off, and the weekly money Maree enables life to be kept together. It ia distinctive of almott all strikes that the women, beforehand averse to the movement, when it has once began throw themselves heartily into the struggle. From the time it ia fairly entered upoa until its termination it ia rare indeed to hear a collier's wife speak a word against it When the hardest pinch comes, and the children's faces grow thin and white, and the rooms are stripped of furniture, much as the women may long for an end of it, they never grumble, never pray their husbands to give in. This patient submission to their husbands' wills —this silent bearing of the greatest of suffering, namely, to see children suffer and to be unable to relieve them—is one of the most marked features of all great strikes in the coal districts. " Well, mother, and how goes it ?" Jack asked cheerfully after the first greetings. " We be all right, Jack ; if we ain't we ought to be, when we've got no children to keep, and get nigh as much as them as has." "Eight shillings a week now, ain't it?" Mrs. Haden nodded. Jack looked round. " Holloa I" he said, " the dock's gone, and the new carpet!" "Well, you see, my boy," Mrs. Haden said, hesitatingly, "Bill is down-hearted sometimes, and he wants a drop of comfort." "I understand," Jack said significantly. " Jack,"—and she again spoke hesitatingly— "I wish ee'd carry off all they books out o T thy little room. There's scores of 'em, and the smallest would fetch a glass o' beer. I've kept the door locked, but it might tempt him, my boy —not when he's in his right senses, you know; he'd scorn to do such a thing; but when he gets \\m\i on, and has no more money, and credit stopped, the craving's too much for him, and he'd sell the bed from under him—anything he's got, I do believe, except his pups," and she pointed to some of Juno's great grandchildren, which were, as usual, lying before the fire—a mere handful of coal now in comparison with past times. "I'll pick out a parcel of them that will be useful to me," Jack said, " and take them away. The rest may go. And now look here, mother. After paying you for my board, I have had for a long time now some five shillings a week over. I have spent some in books, but second-hand books are very cheap—as dad will find when he tries to sell them. So I've got some money put by. It don't matter how much, but plenty to keep the wolf away while the strike last*. Bnt I don't mean, mother, to have my savings drunk away, rm getting sixteen bob a week, and I can Uve on ten or eleven, so I'll send you five shillings a week. But dad mustn't know it I'll be home in a month again, and I'll leave you a pound, so that you can get food in. If he thinks about it at all, which ain't likely, you can make out you get it on tick. Well, dad, how are you ?" he asked, as Bill Haden entered the cottage. " Ah, Jack, lad, how be it with 'eef "All right, dad; getting on well And how are things here r "Bad, Jack. Those scoundrels, the masters, they won't give in ; bat we're bound to beat 'em —bound to. If they don't come to our terms, we mean to call the engine men, and the hands they've got to keep the ways clear, out of the pits. That'll bring 'em to then* senses quick enough. I've been for it all along." " Call off the engine-handa 1" Jack, said in tones of alarm ; "you ain't going .to do such a mad thing as that 1 Why, if the water gains, and the mines get flooded, it'll be weeks, and maybe months, before the mines can be cleared and put in working order ; and what will you all be doing while that's being done f "It'll bring 'em to their senses, lad," Bill Haden said, bringing his hand down on the table with a thump. s They mean to starve us; we'll ruin them. There, let's have the price of a quart, Jack; I'm dry." Jack saw that argument against this mad scheme would be of no use, for his foster father was already half-drunk, so he handed him a shilling, and with a shrug of his shoulders walked off to Mr. Merton's. He had long since written to his master, saying that he preferred working his way up slowly in mining, to entering upon a new life, in which, however successful he might be at college, the after course was not dear to him; and his teacher bad answered in a tone of approval of his choice. On his way he stopped at the houses of many of his boy friends, and was shocked at the misery which already prevailed in some of them. His greatest friend was a lad of about his own age, but far less sturdy and strong than himself. This boy he had fought for and supported since their early school-days, and the lad was devoted to him. " Why, Harry, I should icaroe have known you," he said, as the lad came to the door when he opened it and called him. "You look bad, surely." "We're a big family, Jack; and the extra children's allowance was dropped last week. There's eight of us, and food's scarce. Little Annie's going fast, I think. The doctor came this morning, and said she wanted strengthening food. He might as well have ordered her a coach and-four. Baby died hut week, and mother's ailing. You were right, Jack; what fools we were to Btrike I I've been miles round looking for a job, but it's no use ; there's fifty asking for every place open." The tears came into Jack's eyes as he looked at the pinched face of his friend. " Why did you not write to me T" he asked, almost angrily. " I told you where a letter would find me; and here are you all clemming, and me know nought of it It's too bad. Now look here, Harry, I must lend you some money—you know I've got some put by, and you and your father can pay me when good times come again. Your dad gets his eight shillings from the Union, I suppose ?" "Yes," the lad answered. " Well, with fifteen shillings a week you could make a shift to get on. So I'll let you have ten shillings a week; that'll be seven shillings to add to the eight, and the other three will get meat to make broth for Annie. The strike can't last, much over another month, and that won't hurt me one way or the other. Here's the first ten shillings ; put it in your pocket, and then come round with me to the batcher, and I'll get a few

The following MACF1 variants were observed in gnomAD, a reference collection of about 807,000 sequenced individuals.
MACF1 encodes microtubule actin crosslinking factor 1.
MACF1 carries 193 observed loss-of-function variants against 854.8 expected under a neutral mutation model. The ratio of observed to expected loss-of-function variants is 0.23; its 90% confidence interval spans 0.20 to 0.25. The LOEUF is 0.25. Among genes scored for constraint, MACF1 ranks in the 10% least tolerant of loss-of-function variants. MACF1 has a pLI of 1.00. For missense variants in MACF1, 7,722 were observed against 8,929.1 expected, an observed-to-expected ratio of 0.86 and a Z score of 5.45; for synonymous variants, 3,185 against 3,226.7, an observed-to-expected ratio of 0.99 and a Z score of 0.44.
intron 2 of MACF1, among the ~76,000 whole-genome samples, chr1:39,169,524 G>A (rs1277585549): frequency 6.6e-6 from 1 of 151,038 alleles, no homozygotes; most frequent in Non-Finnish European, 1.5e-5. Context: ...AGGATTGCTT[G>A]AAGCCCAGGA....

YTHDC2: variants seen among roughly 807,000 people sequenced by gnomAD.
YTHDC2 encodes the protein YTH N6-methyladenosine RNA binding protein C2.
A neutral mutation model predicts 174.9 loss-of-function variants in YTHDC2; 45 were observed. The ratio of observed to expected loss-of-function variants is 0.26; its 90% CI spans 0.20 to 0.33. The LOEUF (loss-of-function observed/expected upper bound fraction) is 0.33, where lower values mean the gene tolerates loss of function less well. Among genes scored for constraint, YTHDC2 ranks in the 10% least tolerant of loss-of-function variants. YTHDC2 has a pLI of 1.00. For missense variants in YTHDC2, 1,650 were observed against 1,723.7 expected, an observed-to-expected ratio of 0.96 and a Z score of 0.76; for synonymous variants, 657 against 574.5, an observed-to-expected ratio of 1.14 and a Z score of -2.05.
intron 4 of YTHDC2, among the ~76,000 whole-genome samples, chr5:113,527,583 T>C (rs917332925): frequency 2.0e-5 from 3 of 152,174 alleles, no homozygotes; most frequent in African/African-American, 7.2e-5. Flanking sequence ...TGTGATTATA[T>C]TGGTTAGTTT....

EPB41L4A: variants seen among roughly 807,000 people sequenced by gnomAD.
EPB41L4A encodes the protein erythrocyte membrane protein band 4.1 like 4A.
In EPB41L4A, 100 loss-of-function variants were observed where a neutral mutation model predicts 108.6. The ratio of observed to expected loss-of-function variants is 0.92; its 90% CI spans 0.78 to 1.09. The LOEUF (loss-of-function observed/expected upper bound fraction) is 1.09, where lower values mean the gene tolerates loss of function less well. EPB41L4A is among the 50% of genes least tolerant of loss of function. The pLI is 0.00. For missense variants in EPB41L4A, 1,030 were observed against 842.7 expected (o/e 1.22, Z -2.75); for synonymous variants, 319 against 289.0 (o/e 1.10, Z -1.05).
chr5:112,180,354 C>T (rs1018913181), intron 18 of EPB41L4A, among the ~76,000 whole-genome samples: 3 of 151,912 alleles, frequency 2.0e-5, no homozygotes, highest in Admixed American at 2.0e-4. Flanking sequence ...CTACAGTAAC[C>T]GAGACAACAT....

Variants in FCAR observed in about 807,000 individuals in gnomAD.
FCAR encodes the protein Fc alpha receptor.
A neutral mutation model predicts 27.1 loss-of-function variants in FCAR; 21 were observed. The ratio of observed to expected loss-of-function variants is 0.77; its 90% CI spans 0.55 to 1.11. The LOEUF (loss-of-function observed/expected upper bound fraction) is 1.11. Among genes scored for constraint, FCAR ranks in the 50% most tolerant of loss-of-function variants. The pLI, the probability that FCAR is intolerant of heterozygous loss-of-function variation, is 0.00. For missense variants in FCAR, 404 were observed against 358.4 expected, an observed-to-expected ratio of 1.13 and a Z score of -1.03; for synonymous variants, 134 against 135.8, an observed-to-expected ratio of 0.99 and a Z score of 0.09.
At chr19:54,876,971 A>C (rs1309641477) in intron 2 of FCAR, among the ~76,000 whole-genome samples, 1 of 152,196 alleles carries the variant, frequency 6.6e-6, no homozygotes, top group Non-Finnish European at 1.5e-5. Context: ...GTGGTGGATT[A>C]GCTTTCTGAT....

poandi of me»t just to start you all. There, don't cry, and don't say anything, else I'll lick yon." But when Jack himself entered the school* master's house, and was alone with Mr. Merton, he threw himself in a chair and burst into tears. "It is awful, sir, awful. To see those little children, who were so noisy and bright when I went away, so pale, and thin, and quiet now. Poor little things ! poor little things ! As to the men they are starving because they don't choose to work, and, if they like it, let them ; even the women I don't pity ho much, for if they did right they would take broomsticks and drive the men to work ; but the childreD, it's dreadful!" " It is dreadful, Jack, and it makes me feel sick and ill when I go into the infant-school. The clergyman's wife has opened a sort of soup kitchen, and a hundred children get a bowl of soup and a piece of bread at dinner-time every day, and they sell soup under cost price to the women. Mr. Brook has given £50 towards it" "Look here, sir," Jack said; "you know I've over £60 laid by—and money can't be better spent than for the children. The strike can't last over a month, or six weeks at the out aide, and maybe not that I'll give you £5 a week, if you will kindly hand it over to Mrs. Street, and say it has been Bent you. Bnt it's to go to feeding children. Let me see ; the soup don't cost above a penny a bowl, and say a halfpenny for a hunch of bread. So that will give another hundred a dinner every day. Will you do that for me, sir?" "I will, my boy," Mr. Merton said heartily. " Ton may save many a young life." " Well, air,and what do you think of things!" " I fear we shall have trouble, Jack. Last night there was rioting over at Crawfurd ; a manager'! house was burned down, and some policemen badly hurt There is angry talk all over the district, and I fear we shall have it here." When Jack started on Sunday evening for Birmingham, his last words to his mother were, — ° Mind, mother, the very first word you hear about violence or assault, you post this envelope I have directed to me. I mean to chuck up my place, and come straight back. I'll keep father out of it somehow ; and I'll do all I can to save Mr. Brook's property. He's a good master, and he's been specially kind to me, and 1 won't have him or his property injured." " Why, latfk a 1 mercy, Jack, you ain't going to fight the whole place by yourself, are you ?" " I don't know what I am going to do yet," Jack laid; M but you may be quite sure I shall do something." And as his mother looked at the set bulldog expression of his mouth and jaw she felt thai Jack was thoroughly in earnest [TO BE COHTINOTDJ